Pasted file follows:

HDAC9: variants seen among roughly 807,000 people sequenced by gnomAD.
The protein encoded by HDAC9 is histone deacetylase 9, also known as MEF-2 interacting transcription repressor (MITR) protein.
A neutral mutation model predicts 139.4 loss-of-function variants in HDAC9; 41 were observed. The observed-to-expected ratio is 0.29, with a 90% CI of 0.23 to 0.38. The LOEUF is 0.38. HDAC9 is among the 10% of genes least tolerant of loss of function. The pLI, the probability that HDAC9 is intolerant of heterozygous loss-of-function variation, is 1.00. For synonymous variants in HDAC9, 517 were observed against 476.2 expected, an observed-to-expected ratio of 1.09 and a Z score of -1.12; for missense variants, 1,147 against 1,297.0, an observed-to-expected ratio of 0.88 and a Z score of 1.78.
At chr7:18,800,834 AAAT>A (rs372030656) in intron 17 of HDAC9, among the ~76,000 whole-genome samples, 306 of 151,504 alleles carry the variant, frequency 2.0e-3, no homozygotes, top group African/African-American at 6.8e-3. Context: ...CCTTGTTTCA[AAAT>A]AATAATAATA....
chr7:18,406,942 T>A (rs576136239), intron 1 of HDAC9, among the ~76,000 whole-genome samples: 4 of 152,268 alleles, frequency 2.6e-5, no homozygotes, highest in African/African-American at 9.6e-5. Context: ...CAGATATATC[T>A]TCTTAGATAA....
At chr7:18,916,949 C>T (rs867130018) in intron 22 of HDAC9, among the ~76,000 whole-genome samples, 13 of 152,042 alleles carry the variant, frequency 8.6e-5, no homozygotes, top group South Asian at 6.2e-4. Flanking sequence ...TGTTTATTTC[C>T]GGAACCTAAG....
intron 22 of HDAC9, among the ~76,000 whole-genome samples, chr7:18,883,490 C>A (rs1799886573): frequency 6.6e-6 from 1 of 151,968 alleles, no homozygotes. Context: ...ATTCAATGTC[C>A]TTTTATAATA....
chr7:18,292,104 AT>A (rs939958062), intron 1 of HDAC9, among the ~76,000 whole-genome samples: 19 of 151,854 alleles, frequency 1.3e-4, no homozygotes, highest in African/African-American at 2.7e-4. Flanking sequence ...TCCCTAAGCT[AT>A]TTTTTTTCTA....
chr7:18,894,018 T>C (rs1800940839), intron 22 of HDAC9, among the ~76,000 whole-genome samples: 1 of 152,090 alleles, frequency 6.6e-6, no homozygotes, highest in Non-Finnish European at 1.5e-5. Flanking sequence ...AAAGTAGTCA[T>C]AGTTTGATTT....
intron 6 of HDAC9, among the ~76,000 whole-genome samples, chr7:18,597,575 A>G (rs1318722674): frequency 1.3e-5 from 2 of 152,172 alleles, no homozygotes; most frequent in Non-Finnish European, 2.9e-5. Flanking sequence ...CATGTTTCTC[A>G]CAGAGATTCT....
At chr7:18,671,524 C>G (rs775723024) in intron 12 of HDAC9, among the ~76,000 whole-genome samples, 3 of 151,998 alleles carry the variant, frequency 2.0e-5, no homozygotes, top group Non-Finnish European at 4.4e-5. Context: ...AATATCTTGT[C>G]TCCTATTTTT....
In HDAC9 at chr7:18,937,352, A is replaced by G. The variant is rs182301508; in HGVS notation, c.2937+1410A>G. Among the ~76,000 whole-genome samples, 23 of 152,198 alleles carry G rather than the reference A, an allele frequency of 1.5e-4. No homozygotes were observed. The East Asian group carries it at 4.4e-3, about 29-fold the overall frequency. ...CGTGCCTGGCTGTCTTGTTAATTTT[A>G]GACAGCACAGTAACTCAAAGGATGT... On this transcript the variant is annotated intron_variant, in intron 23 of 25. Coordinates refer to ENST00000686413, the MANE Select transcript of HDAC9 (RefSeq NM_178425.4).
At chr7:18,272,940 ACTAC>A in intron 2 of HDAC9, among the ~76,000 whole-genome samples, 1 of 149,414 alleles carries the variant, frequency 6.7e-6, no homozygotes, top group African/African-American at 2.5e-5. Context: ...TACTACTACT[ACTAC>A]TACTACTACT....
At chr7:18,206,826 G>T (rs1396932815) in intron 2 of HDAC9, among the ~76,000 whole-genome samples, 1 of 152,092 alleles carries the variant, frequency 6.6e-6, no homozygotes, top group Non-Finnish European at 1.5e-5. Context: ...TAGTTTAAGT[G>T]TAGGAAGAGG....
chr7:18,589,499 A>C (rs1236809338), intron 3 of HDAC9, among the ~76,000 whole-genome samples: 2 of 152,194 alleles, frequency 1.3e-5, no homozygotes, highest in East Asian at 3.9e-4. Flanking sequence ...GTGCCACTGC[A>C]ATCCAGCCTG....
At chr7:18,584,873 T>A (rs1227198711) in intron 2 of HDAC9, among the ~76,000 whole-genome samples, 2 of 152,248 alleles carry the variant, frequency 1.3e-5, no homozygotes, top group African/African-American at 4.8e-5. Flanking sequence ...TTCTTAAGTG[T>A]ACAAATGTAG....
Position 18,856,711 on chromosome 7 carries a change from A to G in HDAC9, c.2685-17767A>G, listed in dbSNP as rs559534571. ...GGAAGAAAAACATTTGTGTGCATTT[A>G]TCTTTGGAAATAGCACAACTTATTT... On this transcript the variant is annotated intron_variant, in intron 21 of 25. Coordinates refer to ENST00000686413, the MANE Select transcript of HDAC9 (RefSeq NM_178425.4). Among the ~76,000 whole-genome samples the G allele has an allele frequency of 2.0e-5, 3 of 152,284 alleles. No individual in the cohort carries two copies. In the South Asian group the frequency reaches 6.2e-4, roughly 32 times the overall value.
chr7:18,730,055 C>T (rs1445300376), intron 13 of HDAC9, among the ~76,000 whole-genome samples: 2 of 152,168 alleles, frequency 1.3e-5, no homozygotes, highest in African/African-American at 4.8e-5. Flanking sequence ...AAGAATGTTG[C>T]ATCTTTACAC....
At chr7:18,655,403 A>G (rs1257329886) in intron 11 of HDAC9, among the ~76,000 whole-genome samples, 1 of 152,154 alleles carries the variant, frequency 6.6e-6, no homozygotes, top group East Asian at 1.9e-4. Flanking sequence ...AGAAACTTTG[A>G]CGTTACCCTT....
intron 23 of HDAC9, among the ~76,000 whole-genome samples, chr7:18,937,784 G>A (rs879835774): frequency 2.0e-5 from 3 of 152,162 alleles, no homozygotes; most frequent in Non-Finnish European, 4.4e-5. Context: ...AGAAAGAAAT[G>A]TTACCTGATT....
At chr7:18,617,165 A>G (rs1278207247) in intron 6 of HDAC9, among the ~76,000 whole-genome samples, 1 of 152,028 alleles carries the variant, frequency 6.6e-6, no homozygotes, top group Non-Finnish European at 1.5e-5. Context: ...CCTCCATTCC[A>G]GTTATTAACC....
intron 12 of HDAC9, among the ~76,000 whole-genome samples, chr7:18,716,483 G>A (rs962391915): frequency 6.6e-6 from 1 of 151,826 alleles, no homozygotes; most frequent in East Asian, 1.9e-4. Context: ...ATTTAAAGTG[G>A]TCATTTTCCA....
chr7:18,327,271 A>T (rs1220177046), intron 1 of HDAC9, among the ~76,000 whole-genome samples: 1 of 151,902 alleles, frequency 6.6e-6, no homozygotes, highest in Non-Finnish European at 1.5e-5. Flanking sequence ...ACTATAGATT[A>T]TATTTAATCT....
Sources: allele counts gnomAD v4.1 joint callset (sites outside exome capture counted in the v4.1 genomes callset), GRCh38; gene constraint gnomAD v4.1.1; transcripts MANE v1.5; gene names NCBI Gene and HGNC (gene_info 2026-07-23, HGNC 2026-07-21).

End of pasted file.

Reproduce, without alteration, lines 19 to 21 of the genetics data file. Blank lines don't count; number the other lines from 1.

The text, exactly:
At chr7:18,655,403 A>G (rs1257329886) in intron 11 of HDAC9, among the ~76,000 whole-genome samples, 1 of 152,154 alleles carries the variant, frequency 6.6e-6, no homozygotes, top group East Asian at 1.9e-4. Flanking sequence ...AGAAACTTTG[A>G]CGTTACCCTT....
intron 23 of HDAC9, among the ~76,000 whole-genome samples, chr7:18,937,784 G>A (rs879835774): frequency 2.0e-5 from 3 of 152,162 alleles, no homozygotes; most frequent in Non-Finnish European, 4.4e-5. Context: ...AGAAAGAAAT[G>A]TTACCTGATT....
At chr7:18,617,165 A>G (rs1278207247) in intron 6 of HDAC9, among the ~76,000 whole-genome samples, 1 of 152,028 alleles carries the variant, frequency 6.6e-6, no homozygotes, top group Non-Finnish European at 1.5e-5. Context: ...CCTCCATTCC[A>G]GTTATTAACC....